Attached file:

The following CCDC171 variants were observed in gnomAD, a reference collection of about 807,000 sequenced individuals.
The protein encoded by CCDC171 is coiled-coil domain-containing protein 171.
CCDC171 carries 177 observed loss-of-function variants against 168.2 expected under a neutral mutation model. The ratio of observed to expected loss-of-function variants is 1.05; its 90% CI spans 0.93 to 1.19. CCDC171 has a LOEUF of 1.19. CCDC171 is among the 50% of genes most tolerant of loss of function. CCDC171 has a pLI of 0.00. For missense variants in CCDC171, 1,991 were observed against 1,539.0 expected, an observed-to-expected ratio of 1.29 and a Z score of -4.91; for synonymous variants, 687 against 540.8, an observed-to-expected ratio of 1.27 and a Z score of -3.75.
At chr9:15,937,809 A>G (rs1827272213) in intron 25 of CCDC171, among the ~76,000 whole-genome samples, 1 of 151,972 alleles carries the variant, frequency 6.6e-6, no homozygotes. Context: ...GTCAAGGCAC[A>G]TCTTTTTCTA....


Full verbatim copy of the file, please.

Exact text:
The following CCDC171 variants were observed in gnomAD, a reference collection of about 807,000 sequenced individuals.
The protein encoded by CCDC171 is coiled-coil domain-containing protein 171.
CCDC171 carries 177 observed loss-of-function variants against 168.2 expected under a neutral mutation model. The ratio of observed to expected loss-of-function variants is 1.05; its 90% CI spans 0.93 to 1.19. CCDC171 has a LOEUF of 1.19. CCDC171 is among the 50% of genes most tolerant of loss of function. CCDC171 has a pLI of 0.00. For missense variants in CCDC171, 1,991 were observed against 1,539.0 expected, an observed-to-expected ratio of 1.29 and a Z score of -4.91; for synonymous variants, 687 against 540.8, an observed-to-expected ratio of 1.27 and a Z score of -3.75.
At chr9:15,937,809 A>G (rs1827272213) in intron 25 of CCDC171, among the ~76,000 whole-genome samples, 1 of 151,972 alleles carries the variant, frequency 6.6e-6, no homozygotes. Context: ...GTCAAGGCAC[A>G]TCTTTTTCTA....